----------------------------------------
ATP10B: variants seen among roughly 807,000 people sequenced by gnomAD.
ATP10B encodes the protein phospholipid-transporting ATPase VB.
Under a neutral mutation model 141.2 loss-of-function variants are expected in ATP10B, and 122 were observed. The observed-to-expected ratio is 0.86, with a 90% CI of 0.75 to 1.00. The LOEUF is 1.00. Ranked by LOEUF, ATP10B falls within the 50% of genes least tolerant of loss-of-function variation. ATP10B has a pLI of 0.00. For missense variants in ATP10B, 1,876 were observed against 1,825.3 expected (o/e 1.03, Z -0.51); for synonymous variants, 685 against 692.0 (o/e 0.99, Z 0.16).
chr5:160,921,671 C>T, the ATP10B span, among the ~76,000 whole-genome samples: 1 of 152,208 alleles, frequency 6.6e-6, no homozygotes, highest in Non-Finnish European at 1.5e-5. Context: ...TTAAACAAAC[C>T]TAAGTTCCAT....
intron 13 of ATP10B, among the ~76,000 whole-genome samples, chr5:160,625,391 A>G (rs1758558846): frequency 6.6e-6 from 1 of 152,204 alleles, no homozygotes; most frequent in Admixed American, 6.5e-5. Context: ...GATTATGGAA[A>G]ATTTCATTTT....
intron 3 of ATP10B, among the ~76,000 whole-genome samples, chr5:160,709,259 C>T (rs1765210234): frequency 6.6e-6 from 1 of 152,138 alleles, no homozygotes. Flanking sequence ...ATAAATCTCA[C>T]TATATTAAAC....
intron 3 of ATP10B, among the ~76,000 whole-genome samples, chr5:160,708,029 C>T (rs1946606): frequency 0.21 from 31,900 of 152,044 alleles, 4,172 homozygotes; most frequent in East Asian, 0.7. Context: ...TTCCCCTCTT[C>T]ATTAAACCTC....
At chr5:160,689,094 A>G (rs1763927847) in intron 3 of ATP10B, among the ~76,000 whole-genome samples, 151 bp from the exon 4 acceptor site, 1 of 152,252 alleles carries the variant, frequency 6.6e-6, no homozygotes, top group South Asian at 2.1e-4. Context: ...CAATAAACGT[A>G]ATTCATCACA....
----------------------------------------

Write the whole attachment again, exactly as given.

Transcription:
ATP10B: variants seen among roughly 807,000 people sequenced by gnomAD.
ATP10B encodes the protein phospholipid-transporting ATPase VB.
Under a neutral mutation model 141.2 loss-of-function variants are expected in ATP10B, and 122 were observed. The observed-to-expected ratio is 0.86, with a 90% CI of 0.75 to 1.00. The LOEUF is 1.00. Ranked by LOEUF, ATP10B falls within the 50% of genes least tolerant of loss-of-function variation. ATP10B has a pLI of 0.00. For missense variants in ATP10B, 1,876 were observed against 1,825.3 expected (o/e 1.03, Z -0.51); for synonymous variants, 685 against 692.0 (o/e 0.99, Z 0.16).
chr5:160,921,671 C>T, the ATP10B span, among the ~76,000 whole-genome samples: 1 of 152,208 alleles, frequency 6.6e-6, no homozygotes, highest in Non-Finnish European at 1.5e-5. Context: ...TTAAACAAAC[C>T]TAAGTTCCAT....
intron 13 of ATP10B, among the ~76,000 whole-genome samples, chr5:160,625,391 A>G (rs1758558846): frequency 6.6e-6 from 1 of 152,204 alleles, no homozygotes; most frequent in Admixed American, 6.5e-5. Context: ...GATTATGGAA[A>G]ATTTCATTTT....
intron 3 of ATP10B, among the ~76,000 whole-genome samples, chr5:160,709,259 C>T (rs1765210234): frequency 6.6e-6 from 1 of 152,138 alleles, no homozygotes. Flanking sequence ...ATAAATCTCA[C>T]TATATTAAAC....
intron 3 of ATP10B, among the ~76,000 whole-genome samples, chr5:160,708,029 C>T (rs1946606): frequency 0.21 from 31,900 of 152,044 alleles, 4,172 homozygotes; most frequent in East Asian, 0.7. Context: ...TTCCCCTCTT[C>T]ATTAAACCTC....
At chr5:160,689,094 A>G (rs1763927847) in intron 3 of ATP10B, among the ~76,000 whole-genome samples, 151 bp from the exon 4 acceptor site, 1 of 152,252 alleles carries the variant, frequency 6.6e-6, no homozygotes, top group South Asian at 2.1e-4. Context: ...CAATAAACGT[A>G]ATTCATCACA....